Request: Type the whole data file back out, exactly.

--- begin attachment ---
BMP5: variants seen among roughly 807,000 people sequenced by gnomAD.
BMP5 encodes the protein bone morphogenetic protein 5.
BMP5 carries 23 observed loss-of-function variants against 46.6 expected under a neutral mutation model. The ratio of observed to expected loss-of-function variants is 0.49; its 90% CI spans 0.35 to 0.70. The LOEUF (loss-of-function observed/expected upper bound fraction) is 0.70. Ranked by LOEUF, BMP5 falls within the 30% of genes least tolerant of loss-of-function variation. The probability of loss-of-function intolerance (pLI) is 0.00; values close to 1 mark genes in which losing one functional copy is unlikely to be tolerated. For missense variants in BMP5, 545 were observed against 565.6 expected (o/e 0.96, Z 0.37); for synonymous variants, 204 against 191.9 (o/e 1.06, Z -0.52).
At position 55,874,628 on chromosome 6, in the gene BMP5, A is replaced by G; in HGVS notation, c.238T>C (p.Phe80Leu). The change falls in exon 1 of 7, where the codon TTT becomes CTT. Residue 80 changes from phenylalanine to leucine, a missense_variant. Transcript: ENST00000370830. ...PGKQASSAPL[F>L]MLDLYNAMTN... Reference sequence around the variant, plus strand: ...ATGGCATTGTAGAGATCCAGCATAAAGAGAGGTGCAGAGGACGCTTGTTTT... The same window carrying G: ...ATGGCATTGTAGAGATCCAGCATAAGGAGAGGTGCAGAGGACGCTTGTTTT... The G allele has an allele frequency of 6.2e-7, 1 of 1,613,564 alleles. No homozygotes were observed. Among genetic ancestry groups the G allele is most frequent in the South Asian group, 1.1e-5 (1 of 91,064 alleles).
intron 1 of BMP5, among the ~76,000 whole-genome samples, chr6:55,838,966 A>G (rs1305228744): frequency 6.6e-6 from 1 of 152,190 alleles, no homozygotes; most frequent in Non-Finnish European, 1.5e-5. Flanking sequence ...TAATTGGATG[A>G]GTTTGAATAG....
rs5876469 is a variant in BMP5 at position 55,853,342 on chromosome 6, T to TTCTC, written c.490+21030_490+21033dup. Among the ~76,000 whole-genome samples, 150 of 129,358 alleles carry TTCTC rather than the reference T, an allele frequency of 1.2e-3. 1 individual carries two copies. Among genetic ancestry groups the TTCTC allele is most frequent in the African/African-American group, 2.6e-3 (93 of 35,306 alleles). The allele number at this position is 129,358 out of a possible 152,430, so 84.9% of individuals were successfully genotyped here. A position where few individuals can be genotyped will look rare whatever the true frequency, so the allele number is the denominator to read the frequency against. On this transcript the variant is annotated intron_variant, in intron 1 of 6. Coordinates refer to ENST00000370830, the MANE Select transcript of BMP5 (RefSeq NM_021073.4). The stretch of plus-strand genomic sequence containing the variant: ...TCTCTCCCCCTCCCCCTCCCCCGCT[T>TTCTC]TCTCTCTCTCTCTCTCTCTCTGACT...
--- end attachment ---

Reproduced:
BMP5: variants seen among roughly 807,000 people sequenced by gnomAD.
BMP5 encodes the protein bone morphogenetic protein 5.
BMP5 carries 23 observed loss-of-function variants against 46.6 expected under a neutral mutation model. The ratio of observed to expected loss-of-function variants is 0.49; its 90% CI spans 0.35 to 0.70. The LOEUF (loss-of-function observed/expected upper bound fraction) is 0.70. Ranked by LOEUF, BMP5 falls within the 30% of genes least tolerant of loss-of-function variation. The probability of loss-of-function intolerance (pLI) is 0.00; values close to 1 mark genes in which losing one functional copy is unlikely to be tolerated. For missense variants in BMP5, 545 were observed against 565.6 expected (o/e 0.96, Z 0.37); for synonymous variants, 204 against 191.9 (o/e 1.06, Z -0.52).
At position 55,874,628 on chromosome 6, in the gene BMP5, A is replaced by G; in HGVS notation, c.238T>C (p.Phe80Leu). The change falls in exon 1 of 7, where the codon TTT becomes CTT. Residue 80 changes from phenylalanine to leucine, a missense_variant. Transcript: ENST00000370830. ...PGKQASSAPL[F>L]MLDLYNAMTN... Reference sequence around the variant, plus strand: ...ATGGCATTGTAGAGATCCAGCATAAAGAGAGGTGCAGAGGACGCTTGTTTT... The same window carrying G: ...ATGGCATTGTAGAGATCCAGCATAAGGAGAGGTGCAGAGGACGCTTGTTTT... The G allele has an allele frequency of 6.2e-7, 1 of 1,613,564 alleles. No homozygotes were observed. Among genetic ancestry groups the G allele is most frequent in the South Asian group, 1.1e-5 (1 of 91,064 alleles).
intron 1 of BMP5, among the ~76,000 whole-genome samples, chr6:55,838,966 A>G (rs1305228744): frequency 6.6e-6 from 1 of 152,190 alleles, no homozygotes; most frequent in Non-Finnish European, 1.5e-5. Flanking sequence ...TAATTGGATG[A>G]GTTTGAATAG....
rs5876469 is a variant in BMP5 at position 55,853,342 on chromosome 6, T to TTCTC, written c.490+21030_490+21033dup. Among the ~76,000 whole-genome samples, 150 of 129,358 alleles carry TTCTC rather than the reference T, an allele frequency of 1.2e-3. 1 individual carries two copies. Among genetic ancestry groups the TTCTC allele is most frequent in the African/African-American group, 2.6e-3 (93 of 35,306 alleles). The allele number at this position is 129,358 out of a possible 152,430, so 84.9% of individuals were successfully genotyped here. A position where few individuals can be genotyped will look rare whatever the true frequency, so the allele number is the denominator to read the frequency against. On this transcript the variant is annotated intron_variant, in intron 1 of 6. Coordinates refer to ENST00000370830, the MANE Select transcript of BMP5 (RefSeq NM_021073.4). The stretch of plus-strand genomic sequence containing the variant: ...TCTCTCCCCCTCCCCCTCCCCCGCT[T>TTCTC]TCTCTCTCTCTCTCTCTCTCTGACT...